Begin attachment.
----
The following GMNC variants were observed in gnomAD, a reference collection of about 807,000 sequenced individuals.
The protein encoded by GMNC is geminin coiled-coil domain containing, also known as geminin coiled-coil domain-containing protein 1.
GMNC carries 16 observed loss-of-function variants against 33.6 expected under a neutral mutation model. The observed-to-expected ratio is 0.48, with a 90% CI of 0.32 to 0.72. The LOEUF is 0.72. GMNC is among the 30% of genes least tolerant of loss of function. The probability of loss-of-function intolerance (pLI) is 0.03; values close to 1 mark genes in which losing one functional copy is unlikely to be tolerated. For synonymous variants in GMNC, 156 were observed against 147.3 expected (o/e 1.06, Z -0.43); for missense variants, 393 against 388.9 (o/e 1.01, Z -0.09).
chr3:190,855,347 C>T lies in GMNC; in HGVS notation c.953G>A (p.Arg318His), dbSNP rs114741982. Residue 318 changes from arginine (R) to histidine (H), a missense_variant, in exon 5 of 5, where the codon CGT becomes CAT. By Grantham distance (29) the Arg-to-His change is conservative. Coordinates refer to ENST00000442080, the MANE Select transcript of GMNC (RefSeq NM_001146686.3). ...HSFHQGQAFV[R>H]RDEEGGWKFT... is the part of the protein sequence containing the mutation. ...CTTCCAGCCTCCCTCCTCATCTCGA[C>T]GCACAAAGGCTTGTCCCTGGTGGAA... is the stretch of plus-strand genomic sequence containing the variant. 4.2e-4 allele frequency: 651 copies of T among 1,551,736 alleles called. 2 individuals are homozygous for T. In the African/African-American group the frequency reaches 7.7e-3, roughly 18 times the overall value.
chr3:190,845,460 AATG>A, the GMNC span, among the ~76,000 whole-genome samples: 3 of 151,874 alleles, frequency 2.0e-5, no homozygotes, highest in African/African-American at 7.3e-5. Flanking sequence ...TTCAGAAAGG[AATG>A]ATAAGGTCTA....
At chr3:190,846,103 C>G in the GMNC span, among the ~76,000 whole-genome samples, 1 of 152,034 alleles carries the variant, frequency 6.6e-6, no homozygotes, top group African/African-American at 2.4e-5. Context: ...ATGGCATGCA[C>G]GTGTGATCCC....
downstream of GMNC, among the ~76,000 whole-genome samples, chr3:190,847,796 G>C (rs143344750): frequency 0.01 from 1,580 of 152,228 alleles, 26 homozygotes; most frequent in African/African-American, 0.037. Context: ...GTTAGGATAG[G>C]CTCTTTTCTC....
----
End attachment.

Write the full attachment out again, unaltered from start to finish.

The following GMNC variants were observed in gnomAD, a reference collection of about 807,000 sequenced individuals.
The protein encoded by GMNC is geminin coiled-coil domain containing, also known as geminin coiled-coil domain-containing protein 1.
GMNC carries 16 observed loss-of-function variants against 33.6 expected under a neutral mutation model. The observed-to-expected ratio is 0.48, with a 90% CI of 0.32 to 0.72. The LOEUF is 0.72. GMNC is among the 30% of genes least tolerant of loss of function. The probability of loss-of-function intolerance (pLI) is 0.03; values close to 1 mark genes in which losing one functional copy is unlikely to be tolerated. For synonymous variants in GMNC, 156 were observed against 147.3 expected (o/e 1.06, Z -0.43); for missense variants, 393 against 388.9 (o/e 1.01, Z -0.09).
chr3:190,855,347 C>T lies in GMNC; in HGVS notation c.953G>A (p.Arg318His), dbSNP rs114741982. Residue 318 changes from arginine (R) to histidine (H), a missense_variant, in exon 5 of 5, where the codon CGT becomes CAT. By Grantham distance (29) the Arg-to-His change is conservative. Coordinates refer to ENST00000442080, the MANE Select transcript of GMNC (RefSeq NM_001146686.3). ...HSFHQGQAFV[R>H]RDEEGGWKFT... is the part of the protein sequence containing the mutation. ...CTTCCAGCCTCCCTCCTCATCTCGA[C>T]GCACAAAGGCTTGTCCCTGGTGGAA... is the stretch of plus-strand genomic sequence containing the variant. 4.2e-4 allele frequency: 651 copies of T among 1,551,736 alleles called. 2 individuals are homozygous for T. In the African/African-American group the frequency reaches 7.7e-3, roughly 18 times the overall value.
chr3:190,845,460 AATG>A, the GMNC span, among the ~76,000 whole-genome samples: 3 of 151,874 alleles, frequency 2.0e-5, no homozygotes, highest in African/African-American at 7.3e-5. Flanking sequence ...TTCAGAAAGG[AATG>A]ATAAGGTCTA....
At chr3:190,846,103 C>G in the GMNC span, among the ~76,000 whole-genome samples, 1 of 152,034 alleles carries the variant, frequency 6.6e-6, no homozygotes, top group African/African-American at 2.4e-5. Context: ...ATGGCATGCA[C>G]GTGTGATCCC....
downstream of GMNC, among the ~76,000 whole-genome samples, chr3:190,847,796 G>C (rs143344750): frequency 0.01 from 1,580 of 152,228 alleles, 26 homozygotes; most frequent in African/African-American, 0.037. Context: ...GTTAGGATAG[G>C]CTCTTTTCTC....